My most epic of bungles always seem to be born of these moments of perceived desperation. Or, well, maybe desperation isn’t the right word, but… Moments that urgently need to be seized.
I haven’t surfed in a few weeks, so I’ll push myself twice as hard today. (Or, nearly drown.) The end [of summer] is nigh; That rope swing is THE key to rounding out the season. (Or, to breaking my fingers.)
You know, I hadn’t heard many stories about the perils of rope swings until I began sporting a massive splint on my middle finger while struggling to pull espresso. Then, commiserators appeared with peculiar frequency. “Ah, I once shattered both patellas on a rope swing,” they’d say, as if relieved to finally admit that they harboured hard feelings toward a favorite symbol of youth’s wild abandon.
Skiing, on the other hand, is a pastime fraught with tales of terrific crashes and nature’s fury and the consequences of “one, small misstep.”
Personally, I’d experienced a few mediocre falls on skis. That time I got more air than I could handle and skittered down the Dumont Cup course in spectacular fashion. On my back. That time I forward rolled down Airglow on a powder day. Thankfully, I think my years of gymnastics had finely tuned my chin-tucking instincts and I’d never really bonked my noggin.
Last Saturday, I was in prime carpe diem mode (spring is imminent) when suddenly, I was face down on White Heat. Stupid mistake. I am the queen of clumsy. But I was also in this headspace where it didn’t matter that my legs were tired; I needed to keep skiing. Soon, the snow would be slushy and corny, and then it would be gone.
Long story short, I am writing this between long blinks and purposeful stares at anything that isn’t emitting blue light, or any light, which hurts my brain. My instincts failed me this time.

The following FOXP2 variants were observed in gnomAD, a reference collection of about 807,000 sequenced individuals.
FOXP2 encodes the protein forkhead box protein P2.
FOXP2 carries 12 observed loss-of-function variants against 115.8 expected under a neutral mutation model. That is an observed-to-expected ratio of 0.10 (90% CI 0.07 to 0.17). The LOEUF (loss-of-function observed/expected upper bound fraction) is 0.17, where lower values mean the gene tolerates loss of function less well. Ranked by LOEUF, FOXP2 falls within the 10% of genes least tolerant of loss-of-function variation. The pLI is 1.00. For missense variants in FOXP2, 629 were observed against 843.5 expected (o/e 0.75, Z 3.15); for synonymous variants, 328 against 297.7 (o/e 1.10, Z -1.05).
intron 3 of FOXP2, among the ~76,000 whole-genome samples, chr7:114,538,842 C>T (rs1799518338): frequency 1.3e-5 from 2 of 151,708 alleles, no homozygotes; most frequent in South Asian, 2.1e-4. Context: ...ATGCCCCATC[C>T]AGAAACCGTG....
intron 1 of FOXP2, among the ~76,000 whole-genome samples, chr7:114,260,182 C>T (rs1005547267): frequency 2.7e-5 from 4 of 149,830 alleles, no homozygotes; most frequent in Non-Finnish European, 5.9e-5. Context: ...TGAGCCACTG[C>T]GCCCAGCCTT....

Concussions are weird. This is my first (of which I’m aware) and hopefully, my last. I am really, really grateful that I always wear a helmet and that this particular folly resulted in a “Grade 1” concussion and nothing more. Despite my renewed appreciation for audiobooks, I have to say, these things still suck.
It’s easy to slip into a boo-hoo-I’m-all-by-myself mindset when doctors are saying things like, “Can someone drive you?” and “It’s better if someone’s there while you’re sleeping.” And the responses are “No,” and “Who?” respectively. I will not be complaining today, however.
Last Saturday night, I declined my friends’ offer to sleep in their guest room; I kind of just wanted to be home. But admittedly, I’d heard way too many “don’t go to sleep with a concussion” warnings not to be wary of shuteye. So, um, what I’m about to disclose may make me sound paranoid, but I asked my West Coast friend to call and wake me up before she went to sleep (2 a.m. my time). And another friend to call me when she woke up to go to work (at 6). They both did. And a couple of people texted me in the morning. I didn’t feel alone. And I realized that in my experience, most situations in which you initially feel completely alone turn out to be the ones that make you feel least alone. Think about it.
P.S. I hear a side effect of concussions is saccharine prose.